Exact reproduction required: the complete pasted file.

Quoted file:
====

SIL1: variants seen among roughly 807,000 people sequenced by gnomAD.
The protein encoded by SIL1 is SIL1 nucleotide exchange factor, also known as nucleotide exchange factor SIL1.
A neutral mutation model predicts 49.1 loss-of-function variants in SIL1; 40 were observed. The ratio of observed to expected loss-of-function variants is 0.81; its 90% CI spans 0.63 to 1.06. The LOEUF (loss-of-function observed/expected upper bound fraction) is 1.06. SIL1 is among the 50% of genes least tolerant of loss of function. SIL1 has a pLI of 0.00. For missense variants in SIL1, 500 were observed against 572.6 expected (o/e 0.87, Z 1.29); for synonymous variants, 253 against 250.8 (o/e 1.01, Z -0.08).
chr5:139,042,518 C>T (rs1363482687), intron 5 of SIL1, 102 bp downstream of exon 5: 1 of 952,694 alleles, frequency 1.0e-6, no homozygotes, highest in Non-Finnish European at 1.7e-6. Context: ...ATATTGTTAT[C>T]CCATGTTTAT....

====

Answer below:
SIL1: variants seen among roughly 807,000 people sequenced by gnomAD.
The protein encoded by SIL1 is SIL1 nucleotide exchange factor, also known as nucleotide exchange factor SIL1.
A neutral mutation model predicts 49.1 loss-of-function variants in SIL1; 40 were observed. The ratio of observed to expected loss-of-function variants is 0.81; its 90% CI spans 0.63 to 1.06. The LOEUF (loss-of-function observed/expected upper bound fraction) is 1.06. SIL1 is among the 50% of genes least tolerant of loss of function. SIL1 has a pLI of 0.00. For missense variants in SIL1, 500 were observed against 572.6 expected (o/e 0.87, Z 1.29); for synonymous variants, 253 against 250.8 (o/e 1.01, Z -0.08).
chr5:139,042,518 C>T (rs1363482687), intron 5 of SIL1, 102 bp downstream of exon 5: 1 of 952,694 alleles, frequency 1.0e-6, no homozygotes, highest in Non-Finnish European at 1.7e-6. Context: ...ATATTGTTAT[C>T]CCATGTTTAT....